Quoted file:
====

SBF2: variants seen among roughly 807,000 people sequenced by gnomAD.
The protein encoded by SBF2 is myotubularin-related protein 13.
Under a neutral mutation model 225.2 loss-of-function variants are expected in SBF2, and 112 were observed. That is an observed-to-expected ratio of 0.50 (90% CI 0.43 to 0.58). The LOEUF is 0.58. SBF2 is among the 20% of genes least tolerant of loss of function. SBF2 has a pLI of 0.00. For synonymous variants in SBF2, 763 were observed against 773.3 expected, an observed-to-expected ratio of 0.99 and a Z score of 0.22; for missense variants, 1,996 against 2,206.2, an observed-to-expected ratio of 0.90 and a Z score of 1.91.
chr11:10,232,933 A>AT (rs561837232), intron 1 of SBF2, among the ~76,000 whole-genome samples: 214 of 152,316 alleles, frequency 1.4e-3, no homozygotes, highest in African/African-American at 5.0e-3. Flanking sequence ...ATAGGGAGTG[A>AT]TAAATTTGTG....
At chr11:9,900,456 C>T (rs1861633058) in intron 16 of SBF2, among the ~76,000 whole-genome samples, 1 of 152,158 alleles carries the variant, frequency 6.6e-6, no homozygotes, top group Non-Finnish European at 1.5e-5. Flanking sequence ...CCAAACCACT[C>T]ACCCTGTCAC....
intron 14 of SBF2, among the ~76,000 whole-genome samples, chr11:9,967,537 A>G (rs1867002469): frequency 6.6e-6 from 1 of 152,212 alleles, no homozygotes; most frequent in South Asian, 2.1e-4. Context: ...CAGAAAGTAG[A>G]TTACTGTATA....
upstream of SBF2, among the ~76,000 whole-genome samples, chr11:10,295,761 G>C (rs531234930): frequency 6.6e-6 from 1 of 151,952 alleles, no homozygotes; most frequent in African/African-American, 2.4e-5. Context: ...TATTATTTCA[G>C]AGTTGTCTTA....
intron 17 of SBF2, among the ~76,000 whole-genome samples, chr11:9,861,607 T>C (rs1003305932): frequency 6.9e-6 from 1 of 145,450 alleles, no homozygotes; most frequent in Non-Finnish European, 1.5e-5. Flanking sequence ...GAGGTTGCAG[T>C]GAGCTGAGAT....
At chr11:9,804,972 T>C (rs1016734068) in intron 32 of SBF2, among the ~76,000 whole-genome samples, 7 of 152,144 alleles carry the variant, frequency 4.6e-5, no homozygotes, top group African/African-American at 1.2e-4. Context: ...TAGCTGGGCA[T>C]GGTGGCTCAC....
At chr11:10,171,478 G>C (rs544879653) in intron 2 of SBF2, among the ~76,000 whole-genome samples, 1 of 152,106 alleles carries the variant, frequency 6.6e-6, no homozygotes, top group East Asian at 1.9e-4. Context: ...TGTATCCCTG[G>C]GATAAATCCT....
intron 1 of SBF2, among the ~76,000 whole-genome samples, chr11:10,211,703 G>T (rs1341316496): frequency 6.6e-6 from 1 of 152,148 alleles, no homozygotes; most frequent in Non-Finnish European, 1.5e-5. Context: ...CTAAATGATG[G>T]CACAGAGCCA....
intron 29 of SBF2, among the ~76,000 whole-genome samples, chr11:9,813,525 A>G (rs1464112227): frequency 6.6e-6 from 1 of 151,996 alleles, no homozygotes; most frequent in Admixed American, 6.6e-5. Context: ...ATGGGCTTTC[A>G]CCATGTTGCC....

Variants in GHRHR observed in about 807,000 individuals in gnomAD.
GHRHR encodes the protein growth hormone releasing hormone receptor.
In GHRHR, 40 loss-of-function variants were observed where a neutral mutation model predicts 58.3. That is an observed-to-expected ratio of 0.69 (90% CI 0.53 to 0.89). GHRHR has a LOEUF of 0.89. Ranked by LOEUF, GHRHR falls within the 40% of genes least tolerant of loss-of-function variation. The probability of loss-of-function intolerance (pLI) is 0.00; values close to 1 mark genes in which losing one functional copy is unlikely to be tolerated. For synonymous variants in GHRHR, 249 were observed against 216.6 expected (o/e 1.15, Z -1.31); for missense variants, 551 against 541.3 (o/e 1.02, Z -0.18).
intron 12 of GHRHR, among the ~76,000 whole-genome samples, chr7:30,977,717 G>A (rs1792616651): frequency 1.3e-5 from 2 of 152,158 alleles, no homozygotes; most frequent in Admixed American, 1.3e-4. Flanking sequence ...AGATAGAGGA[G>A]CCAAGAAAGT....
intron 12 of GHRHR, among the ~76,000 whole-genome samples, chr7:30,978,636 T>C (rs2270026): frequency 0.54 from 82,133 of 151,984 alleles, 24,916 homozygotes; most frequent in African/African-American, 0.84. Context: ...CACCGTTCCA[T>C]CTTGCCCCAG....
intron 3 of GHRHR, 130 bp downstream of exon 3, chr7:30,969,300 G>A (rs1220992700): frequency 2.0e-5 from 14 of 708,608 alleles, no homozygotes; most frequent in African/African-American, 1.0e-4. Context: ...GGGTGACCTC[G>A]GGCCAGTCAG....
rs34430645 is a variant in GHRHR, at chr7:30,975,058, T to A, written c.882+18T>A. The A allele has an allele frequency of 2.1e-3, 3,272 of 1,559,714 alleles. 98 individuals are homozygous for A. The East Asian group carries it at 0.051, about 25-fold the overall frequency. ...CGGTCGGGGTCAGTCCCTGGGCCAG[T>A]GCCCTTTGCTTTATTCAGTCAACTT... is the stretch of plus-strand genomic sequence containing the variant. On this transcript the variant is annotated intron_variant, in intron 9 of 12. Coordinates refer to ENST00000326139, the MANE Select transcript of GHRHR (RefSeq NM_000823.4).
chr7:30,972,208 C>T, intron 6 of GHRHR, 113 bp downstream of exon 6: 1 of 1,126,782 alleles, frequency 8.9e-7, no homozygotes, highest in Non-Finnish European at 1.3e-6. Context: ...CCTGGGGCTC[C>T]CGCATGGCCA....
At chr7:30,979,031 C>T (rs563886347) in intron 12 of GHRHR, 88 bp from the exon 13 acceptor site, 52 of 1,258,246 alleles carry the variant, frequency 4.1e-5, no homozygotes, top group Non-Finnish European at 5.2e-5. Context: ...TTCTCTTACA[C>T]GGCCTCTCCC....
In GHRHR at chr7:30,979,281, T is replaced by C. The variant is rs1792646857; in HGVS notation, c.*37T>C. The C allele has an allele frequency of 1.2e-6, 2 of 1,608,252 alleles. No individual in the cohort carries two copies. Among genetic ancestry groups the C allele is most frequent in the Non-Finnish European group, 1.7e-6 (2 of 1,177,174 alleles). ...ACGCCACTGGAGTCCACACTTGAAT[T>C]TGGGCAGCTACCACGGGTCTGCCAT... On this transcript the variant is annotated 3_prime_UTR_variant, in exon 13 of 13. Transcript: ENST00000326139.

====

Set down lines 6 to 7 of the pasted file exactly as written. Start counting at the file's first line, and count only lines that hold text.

intron 14 of SBF2, among the ~76,000 whole-genome samples, chr11:9,967,537 A>G (rs1867002469): frequency 6.6e-6 from 1 of 152,212 alleles, no homozygotes; most frequent in South Asian, 2.1e-4. Context: ...CAGAAAGTAG[A>G]TTACTGTATA....
upstream of SBF2, among the ~76,000 whole-genome samples, chr11:10,295,761 G>C (rs531234930): frequency 6.6e-6 from 1 of 151,952 alleles, no homozygotes; most frequent in African/African-American, 2.4e-5. Context: ...TATTATTTCA[G>C]AGTTGTCTTA....